Monday, March 15, 2004
I've written some already about the time I spent living in Denver and going to school. There are times, I will admit, that I would like to forget the entire year or so I spent as a resident of the Mile High City. Unfortunately, I cannot. It's probably for the best, as we should all learn from our experiences. In keeping with this theme, our lesson today is entitled "How to delay being shot while in traffic by utilizing foodstuffs as a defense mechanism." We begin....now.
If you're a regular reader (and you two know who you are) you're already aware that I was forced to be in the company of my 'roommate' Jay for a lot of the time I spent in Denver. In addition, you're already aware that he was a complete and total PAIN IN MY ASS. Most of the bad things that happened to me while I was in Denver can be traced back to him. I really should've punched him in the throat when I had the chance. Maybe someday I'll get that opportunity again. I'll surely pounce on it if it presents itself. Anyway...
Jay had a bad habit of throwing trash out of the car window, regardless of which car or which window. If we were in a car that had a window, Jay would find SOMETHING to throw at SOMEONE. I shall now impart a tale dealing with the ramifications of indiscriminately firing leaky hot sauce packets out of a car window while said car is motoring down an interstate highway...In Denver...In the Summertime.
When I was younger, my favorite place in the whole world to eat was Taco Bell. I could, and would, indulge in their faux-mexican fare every single day. This was during a very magical time known as "The Early Nineties." At that time, Taco Bell boasted a 59¢, 79¢ and 99¢ menu. You could get in and out of there for 3-5 bucks and be absolutely stuffed to boot. It's at a Taco Bell that our story begins.
It was a lovely summer day in the Denver Metro Area. Jay and I had decided that it might be good to fill up on some food before heading toward home. I pulled my '76 Olds off the road and toward a Taco Bell. We ordered, pulled forward to the window, paid for, and accepted, our big bag of crap. The attendant then inquired if we would like any sauce with our order. My stock answer to this query is "no." Jay, on the other hand, screams out the phrase "LOTS OF HOT SAUCE!" The window minion hands me a considerable 'grip' of hot sauce packets and we're on our way.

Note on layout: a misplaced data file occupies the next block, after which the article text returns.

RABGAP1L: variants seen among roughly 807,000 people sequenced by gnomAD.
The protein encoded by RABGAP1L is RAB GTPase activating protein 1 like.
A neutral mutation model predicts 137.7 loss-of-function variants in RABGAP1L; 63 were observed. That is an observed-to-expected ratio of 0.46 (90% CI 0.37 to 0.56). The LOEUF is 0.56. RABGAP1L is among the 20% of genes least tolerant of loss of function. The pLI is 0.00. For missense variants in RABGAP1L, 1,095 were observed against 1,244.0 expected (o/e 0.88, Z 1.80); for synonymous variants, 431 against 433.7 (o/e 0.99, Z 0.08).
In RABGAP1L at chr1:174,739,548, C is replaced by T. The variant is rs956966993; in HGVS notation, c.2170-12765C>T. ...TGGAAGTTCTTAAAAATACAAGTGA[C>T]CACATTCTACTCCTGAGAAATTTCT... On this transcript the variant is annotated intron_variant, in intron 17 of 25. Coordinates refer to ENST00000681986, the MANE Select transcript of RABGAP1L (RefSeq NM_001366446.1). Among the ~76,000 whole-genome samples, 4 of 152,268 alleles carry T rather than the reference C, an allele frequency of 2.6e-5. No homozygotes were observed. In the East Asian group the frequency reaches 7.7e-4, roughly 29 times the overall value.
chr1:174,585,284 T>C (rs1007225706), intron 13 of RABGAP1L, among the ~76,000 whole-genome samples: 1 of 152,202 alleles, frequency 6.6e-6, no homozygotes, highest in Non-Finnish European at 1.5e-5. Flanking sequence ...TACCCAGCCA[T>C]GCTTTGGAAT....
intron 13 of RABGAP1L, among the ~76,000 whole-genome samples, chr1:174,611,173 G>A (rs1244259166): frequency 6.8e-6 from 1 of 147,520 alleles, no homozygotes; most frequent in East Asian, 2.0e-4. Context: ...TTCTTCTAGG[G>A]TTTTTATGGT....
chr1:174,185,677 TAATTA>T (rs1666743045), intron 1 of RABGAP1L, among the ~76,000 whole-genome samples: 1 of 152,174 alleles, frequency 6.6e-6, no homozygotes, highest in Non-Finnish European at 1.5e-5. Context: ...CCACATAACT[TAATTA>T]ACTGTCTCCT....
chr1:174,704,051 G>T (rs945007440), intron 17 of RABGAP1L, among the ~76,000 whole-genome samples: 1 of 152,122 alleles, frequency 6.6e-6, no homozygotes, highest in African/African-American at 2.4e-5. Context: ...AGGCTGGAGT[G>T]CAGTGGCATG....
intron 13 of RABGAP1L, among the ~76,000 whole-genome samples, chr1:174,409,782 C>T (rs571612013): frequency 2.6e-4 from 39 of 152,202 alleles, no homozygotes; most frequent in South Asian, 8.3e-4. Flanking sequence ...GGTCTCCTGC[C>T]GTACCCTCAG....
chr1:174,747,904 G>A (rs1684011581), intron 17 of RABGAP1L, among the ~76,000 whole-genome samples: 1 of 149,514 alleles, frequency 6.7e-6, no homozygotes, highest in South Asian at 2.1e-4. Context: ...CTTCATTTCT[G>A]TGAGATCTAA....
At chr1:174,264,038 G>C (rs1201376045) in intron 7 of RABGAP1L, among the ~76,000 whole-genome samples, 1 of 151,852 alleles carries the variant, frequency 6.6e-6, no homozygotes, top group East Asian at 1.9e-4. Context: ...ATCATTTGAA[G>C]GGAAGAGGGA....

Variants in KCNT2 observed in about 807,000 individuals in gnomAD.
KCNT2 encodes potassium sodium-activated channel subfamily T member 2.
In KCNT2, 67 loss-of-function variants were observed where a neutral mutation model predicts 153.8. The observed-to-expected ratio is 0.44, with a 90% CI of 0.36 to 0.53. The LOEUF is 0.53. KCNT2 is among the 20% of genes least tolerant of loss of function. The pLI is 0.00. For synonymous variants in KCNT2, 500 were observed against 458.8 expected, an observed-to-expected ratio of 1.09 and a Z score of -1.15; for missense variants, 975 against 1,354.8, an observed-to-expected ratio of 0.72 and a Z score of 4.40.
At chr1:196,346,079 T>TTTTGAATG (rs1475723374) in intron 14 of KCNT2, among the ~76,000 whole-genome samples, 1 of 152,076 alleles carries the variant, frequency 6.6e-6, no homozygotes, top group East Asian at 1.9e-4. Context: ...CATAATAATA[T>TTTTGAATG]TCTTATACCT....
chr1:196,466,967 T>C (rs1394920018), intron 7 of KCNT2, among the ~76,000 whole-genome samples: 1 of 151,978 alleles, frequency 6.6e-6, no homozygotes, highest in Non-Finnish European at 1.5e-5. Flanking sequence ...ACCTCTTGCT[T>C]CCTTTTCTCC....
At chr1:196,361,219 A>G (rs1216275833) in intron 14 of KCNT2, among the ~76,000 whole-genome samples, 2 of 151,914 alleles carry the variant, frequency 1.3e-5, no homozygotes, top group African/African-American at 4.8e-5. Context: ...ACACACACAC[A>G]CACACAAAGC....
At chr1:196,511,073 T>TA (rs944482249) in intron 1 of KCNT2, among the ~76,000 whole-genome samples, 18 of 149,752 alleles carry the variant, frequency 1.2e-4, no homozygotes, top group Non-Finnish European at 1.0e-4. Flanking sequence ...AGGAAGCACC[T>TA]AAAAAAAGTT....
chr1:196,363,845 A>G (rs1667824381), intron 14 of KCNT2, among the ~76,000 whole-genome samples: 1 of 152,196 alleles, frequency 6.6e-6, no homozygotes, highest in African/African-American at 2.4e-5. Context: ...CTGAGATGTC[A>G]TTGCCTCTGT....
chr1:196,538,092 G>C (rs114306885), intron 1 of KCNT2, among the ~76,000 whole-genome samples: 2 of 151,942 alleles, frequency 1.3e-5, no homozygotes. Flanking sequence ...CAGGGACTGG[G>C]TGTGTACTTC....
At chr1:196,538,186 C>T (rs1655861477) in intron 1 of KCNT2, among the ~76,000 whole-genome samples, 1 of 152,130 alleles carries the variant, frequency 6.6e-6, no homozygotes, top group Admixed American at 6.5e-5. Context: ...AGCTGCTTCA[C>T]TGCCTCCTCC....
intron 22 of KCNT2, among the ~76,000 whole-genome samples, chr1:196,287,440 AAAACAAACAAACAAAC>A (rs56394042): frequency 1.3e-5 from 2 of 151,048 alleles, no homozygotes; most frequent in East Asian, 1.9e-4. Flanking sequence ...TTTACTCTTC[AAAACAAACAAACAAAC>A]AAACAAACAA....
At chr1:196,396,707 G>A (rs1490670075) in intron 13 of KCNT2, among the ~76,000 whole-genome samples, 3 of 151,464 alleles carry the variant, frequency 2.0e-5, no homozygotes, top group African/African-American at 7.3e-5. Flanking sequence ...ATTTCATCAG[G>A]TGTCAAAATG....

For the next several minutes, I've certainly got enough to keep me busy what with the trying to eat while negotiating afternoon interstate traffic in denver. Eventually I finish off all of the pieces of my gastronomical puzzle and am able to place both hands back on the wheel and my full attention back on the road. I then glance over at Jay who has also finished eating. It's at this time I come to the realization that the quantity of hot sauce I was handed at the drive-thru was to be used for more than simply spicing up fast food. Jay has started tearing the corners off of the leftover packets and is letting them fly from out of the passenger-side window, back toward traffic.
"What're you doing?" I ask.
"Hitting windshields with sauce." Jay replies.
"Cut it out." I say.
I guess I can say that, without Jay, I never would have learned from a representative of the Colorado State patrol that the driver of any vehicle is ultimately responsible for the behavior of his or her passenger. It seems a bit unfair when you have to travel with a complete retard every day, but thems the breaks. I didn't really want to be pulled over and issued a ticket for Mr. Asshole's erratic and antisocial behavior, but I also didn't know how far along he was with Operation Salsa Liberation. I would find out soon enough, however, exactly how far along he was. Also, I would learn, that being pulled over was the least of my impending worries.